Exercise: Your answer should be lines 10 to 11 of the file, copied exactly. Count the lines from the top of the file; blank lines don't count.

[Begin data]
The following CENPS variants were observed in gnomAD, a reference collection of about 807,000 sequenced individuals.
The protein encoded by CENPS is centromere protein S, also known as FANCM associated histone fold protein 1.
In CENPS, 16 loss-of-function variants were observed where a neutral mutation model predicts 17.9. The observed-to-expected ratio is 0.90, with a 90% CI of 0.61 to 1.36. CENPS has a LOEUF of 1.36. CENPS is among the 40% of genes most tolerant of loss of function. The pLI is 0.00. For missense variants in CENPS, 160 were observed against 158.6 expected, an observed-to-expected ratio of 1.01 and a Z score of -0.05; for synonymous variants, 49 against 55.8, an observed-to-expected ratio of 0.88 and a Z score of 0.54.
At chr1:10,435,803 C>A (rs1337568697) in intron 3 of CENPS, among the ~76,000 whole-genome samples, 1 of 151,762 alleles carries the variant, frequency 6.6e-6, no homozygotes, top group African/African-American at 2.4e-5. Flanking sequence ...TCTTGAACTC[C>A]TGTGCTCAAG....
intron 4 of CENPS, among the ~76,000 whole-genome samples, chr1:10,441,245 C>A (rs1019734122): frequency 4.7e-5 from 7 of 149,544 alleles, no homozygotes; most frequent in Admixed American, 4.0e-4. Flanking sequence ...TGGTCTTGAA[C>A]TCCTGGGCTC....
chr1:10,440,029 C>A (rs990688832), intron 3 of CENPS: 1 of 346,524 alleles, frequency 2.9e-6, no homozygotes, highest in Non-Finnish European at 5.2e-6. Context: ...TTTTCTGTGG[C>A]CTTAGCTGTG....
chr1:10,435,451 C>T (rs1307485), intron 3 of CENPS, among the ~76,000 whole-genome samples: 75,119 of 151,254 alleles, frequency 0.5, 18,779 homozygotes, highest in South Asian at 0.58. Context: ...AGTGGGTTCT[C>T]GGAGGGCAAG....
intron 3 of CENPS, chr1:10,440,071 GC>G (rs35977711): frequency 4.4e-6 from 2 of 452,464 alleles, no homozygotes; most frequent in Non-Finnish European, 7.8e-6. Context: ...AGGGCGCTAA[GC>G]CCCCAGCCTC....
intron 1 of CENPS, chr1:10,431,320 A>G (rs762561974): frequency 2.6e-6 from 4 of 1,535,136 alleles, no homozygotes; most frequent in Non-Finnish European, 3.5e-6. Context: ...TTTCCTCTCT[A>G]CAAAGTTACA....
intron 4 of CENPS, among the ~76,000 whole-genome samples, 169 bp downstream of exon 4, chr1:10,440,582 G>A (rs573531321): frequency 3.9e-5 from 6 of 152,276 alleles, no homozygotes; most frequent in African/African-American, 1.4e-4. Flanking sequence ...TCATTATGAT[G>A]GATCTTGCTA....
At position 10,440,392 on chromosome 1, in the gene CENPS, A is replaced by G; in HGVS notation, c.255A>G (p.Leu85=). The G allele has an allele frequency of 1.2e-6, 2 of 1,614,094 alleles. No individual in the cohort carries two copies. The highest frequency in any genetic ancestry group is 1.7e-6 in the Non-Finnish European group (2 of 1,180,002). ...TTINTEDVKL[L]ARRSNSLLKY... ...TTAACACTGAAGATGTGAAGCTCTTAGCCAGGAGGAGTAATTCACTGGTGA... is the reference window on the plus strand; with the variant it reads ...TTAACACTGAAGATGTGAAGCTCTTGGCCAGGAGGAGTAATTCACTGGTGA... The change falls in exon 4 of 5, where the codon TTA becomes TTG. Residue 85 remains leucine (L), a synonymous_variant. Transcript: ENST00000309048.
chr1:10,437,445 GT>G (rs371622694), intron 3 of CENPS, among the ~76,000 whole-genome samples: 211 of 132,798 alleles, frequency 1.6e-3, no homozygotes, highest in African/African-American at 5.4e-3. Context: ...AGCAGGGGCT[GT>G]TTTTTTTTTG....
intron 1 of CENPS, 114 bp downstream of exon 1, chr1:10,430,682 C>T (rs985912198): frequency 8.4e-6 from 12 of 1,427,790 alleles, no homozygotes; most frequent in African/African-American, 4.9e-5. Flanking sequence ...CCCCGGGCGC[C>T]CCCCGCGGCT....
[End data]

intron 4 of CENPS, among the ~76,000 whole-genome samples, 169 bp downstream of exon 4, chr1:10,440,582 G>A (rs573531321): frequency 3.9e-5 from 6 of 152,276 alleles, no homozygotes; most frequent in African/African-American, 1.4e-4. Flanking sequence ...TCATTATGAT[G>A]GATCTTGCTA....
At position 10,440,392 on chromosome 1, in the gene CENPS, A is replaced by G; in HGVS notation, c.255A>G (p.Leu85=). The G allele has an allele frequency of 1.2e-6, 2 of 1,614,094 alleles. No individual in the cohort carries two copies. The highest frequency in any genetic ancestry group is 1.7e-6 in the Non-Finnish European group (2 of 1,180,002). ...TTINTEDVKL[L]ARRSNSLLKY... ...TTAACACTGAAGATGTGAAGCTCTTAGCCAGGAGGAGTAATTCACTGGTGA... is the reference window on the plus strand; with the variant it reads ...TTAACACTGAAGATGTGAAGCTCTTGGCCAGGAGGAGTAATTCACTGGTGA... The change falls in exon 4 of 5, where the codon TTA becomes TTG. Residue 85 remains leucine (L), a synonymous_variant. Transcript: ENST00000309048.